Hundreds of people attended memorial services across Kingston, Surbiton, New Malden and Chessington on Sunday 10 November.
People of all ages came together to commemorate the contribution of British and Commonwealth service members who have fought for their country since the First World War.
Amongst those who attended local services were contingents of the Royal Star and Garter, Scout and Guide groups and the mayor of Kingston.
In Surbiton, a service was held at the War Memorial on Eden Road followed by a March Past in Ewell Road.
During the service, an English soldier who was injured during the Afghanistan conflict read out a poem he had written reflecting on the impacts of war.
Christine Smith attended the Surbiton service with her father and a contingent from Surbiton’s Royal Star and Garter Home.
She said: “My father never got any medals and it was pleasing that he was presented with a special badge commemorating attendance at the service.
“I loved hearing the Last Post again, hearing a poem read out and seeing a marching band”.
A service was held in Kingston at 10:45 followed by a March Past outside the Guildhall.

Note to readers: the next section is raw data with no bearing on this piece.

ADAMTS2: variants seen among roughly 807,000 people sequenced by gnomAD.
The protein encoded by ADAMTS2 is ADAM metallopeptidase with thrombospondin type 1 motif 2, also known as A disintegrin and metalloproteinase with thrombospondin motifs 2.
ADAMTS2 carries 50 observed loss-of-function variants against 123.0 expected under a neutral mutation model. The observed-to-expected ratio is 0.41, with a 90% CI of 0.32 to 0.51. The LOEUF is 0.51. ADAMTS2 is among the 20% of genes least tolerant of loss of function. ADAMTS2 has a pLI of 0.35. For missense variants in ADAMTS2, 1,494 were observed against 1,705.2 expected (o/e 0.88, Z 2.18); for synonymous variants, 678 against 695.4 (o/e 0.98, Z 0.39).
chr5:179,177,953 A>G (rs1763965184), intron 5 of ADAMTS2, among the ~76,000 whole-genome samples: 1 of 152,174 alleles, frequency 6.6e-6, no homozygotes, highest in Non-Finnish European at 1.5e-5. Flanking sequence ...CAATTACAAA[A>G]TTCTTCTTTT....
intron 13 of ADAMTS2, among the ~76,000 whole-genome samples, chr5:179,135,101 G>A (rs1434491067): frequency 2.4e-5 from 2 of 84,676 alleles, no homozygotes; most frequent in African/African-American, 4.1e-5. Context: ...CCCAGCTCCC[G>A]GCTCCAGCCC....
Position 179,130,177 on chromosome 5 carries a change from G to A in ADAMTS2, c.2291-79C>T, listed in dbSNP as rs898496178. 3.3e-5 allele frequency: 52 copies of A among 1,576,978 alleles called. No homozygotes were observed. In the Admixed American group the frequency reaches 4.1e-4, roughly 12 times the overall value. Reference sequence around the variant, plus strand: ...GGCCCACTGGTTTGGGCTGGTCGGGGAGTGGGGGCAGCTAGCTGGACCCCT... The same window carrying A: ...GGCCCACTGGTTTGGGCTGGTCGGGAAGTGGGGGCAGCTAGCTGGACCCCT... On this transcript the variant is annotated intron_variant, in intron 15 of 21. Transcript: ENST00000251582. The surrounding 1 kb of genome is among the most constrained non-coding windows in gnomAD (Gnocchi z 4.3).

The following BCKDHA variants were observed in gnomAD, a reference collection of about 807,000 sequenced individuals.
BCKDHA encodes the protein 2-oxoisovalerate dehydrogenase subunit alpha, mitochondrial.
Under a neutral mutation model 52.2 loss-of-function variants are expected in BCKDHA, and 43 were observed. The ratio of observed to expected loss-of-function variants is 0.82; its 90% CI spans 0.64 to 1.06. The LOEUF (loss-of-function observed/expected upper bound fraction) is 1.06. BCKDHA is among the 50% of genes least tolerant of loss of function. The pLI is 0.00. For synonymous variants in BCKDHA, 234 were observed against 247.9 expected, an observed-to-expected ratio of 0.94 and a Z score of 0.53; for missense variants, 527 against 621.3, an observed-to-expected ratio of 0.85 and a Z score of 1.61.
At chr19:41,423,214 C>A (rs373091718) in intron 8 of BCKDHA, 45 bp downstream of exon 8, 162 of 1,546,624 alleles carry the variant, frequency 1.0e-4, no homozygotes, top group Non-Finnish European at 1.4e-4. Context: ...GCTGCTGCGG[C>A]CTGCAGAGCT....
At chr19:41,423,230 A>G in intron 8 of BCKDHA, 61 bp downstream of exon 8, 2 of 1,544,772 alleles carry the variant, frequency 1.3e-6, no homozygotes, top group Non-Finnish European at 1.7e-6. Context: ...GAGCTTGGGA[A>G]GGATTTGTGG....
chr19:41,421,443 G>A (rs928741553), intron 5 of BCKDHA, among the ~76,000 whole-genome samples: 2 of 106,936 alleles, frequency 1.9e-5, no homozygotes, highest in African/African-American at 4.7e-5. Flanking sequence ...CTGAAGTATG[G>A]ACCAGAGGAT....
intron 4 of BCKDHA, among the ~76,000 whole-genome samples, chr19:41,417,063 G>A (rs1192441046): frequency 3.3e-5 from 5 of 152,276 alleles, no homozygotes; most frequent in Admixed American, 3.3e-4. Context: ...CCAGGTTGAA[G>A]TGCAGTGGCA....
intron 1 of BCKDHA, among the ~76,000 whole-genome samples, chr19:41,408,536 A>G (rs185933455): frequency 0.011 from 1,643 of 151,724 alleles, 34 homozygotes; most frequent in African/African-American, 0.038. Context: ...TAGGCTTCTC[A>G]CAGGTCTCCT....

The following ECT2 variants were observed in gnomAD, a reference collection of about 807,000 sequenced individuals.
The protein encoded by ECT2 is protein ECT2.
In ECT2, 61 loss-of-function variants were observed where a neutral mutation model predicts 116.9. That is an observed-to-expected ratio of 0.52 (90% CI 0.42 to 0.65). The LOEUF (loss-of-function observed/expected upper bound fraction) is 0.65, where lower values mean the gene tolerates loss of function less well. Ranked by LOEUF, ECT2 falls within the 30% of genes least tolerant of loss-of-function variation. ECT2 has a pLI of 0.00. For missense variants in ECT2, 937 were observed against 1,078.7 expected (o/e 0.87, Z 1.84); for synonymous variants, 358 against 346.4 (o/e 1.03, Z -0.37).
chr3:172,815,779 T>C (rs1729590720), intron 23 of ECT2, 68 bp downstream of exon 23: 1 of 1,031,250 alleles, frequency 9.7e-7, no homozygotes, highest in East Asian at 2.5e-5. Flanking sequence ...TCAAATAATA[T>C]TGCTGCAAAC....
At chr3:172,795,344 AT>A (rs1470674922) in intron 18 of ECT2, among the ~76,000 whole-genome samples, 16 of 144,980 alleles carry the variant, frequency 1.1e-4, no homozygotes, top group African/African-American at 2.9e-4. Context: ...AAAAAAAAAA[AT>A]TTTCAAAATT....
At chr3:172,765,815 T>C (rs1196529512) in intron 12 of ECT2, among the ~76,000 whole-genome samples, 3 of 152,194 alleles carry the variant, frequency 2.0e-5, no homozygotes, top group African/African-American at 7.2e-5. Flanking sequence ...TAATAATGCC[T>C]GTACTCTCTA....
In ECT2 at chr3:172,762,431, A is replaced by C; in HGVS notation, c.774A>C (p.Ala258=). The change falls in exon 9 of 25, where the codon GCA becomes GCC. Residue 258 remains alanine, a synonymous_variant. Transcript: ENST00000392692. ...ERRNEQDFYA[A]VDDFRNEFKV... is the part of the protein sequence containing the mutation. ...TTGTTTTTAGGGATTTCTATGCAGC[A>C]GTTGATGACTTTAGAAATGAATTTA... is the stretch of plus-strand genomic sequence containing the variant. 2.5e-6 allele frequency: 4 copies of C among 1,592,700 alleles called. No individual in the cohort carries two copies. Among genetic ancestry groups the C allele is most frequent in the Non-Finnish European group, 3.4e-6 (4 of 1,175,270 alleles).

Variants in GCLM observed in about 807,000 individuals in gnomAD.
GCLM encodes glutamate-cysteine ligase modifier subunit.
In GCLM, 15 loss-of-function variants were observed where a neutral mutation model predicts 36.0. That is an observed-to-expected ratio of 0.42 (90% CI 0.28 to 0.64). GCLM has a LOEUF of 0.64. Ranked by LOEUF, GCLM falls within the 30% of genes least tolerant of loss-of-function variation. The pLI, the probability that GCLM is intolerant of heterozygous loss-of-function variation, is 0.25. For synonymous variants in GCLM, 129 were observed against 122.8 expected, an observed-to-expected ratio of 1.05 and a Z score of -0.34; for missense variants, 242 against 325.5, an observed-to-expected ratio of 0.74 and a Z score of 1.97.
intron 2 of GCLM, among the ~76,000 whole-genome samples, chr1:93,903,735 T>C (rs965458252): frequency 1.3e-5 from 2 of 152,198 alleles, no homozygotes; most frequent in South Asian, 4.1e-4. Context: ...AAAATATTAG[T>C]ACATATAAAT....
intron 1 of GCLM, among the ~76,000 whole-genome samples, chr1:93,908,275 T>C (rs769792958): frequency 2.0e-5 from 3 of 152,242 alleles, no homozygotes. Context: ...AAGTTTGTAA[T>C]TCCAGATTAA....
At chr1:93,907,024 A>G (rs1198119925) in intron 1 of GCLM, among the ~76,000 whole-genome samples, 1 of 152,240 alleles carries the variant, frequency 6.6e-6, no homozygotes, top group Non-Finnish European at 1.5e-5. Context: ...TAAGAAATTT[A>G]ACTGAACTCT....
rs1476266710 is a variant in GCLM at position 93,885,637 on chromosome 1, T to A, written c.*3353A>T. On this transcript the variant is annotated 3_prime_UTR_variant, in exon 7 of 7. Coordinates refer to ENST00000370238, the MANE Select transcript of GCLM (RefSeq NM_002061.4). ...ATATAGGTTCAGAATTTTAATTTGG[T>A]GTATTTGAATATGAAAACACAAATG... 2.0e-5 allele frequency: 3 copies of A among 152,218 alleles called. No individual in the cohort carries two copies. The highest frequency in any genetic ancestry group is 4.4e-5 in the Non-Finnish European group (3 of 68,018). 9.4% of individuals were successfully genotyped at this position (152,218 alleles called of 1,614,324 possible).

Mayor of Kingston Councillor Margaret Thompson tweeted:
— RBK Mayor (@RBKMayor) November 10, 2019
Paul Hillier, previously from Kingston, lost his great-grandfather Alfred Charles Beauchamp who was in the East Surrey Regiment and fought at the Somme.
Hillier said: “I believe it is important to remember those who fought and died; if we don’t then we run the risk of history repeating itself.
“We have to remember why they died and what they fought for.
“If not, then it was all for nothing.”
Locals gathered at the New Malden War Memorial for a service at 9:30 – a traditionally early start time.
Leader of Kingston and Malden Scout and Guide Band Alison Eggitt attended services in New Malden and Kingston and performed with the band at both.
She said: “It is very important to remember the sacrifices made by so many in conflicts and military service around the world.”
New-Malden resident Sara Anne O’Keefe lost her uncle, a paratrooper born in Kingston, at the Battle of Arnhem in WW2.
She said: “My uncle was a talented harmonica player, just like my son is.
“Family connections like that really bring the loss home.
We remember my uncle every remembrance Sunday.”
In Chessington, a service held at the War Memorial was followed by another service in the Parish Church of St Mary the Virgin on Church Lane.
Thames Ditton resident Richi Singh said: “My grandfather-in-law fought in World War I as an Indian soldier in the British Army.
“We attend Remembrance Day for him, and many such unsung, forgotten soldiers.”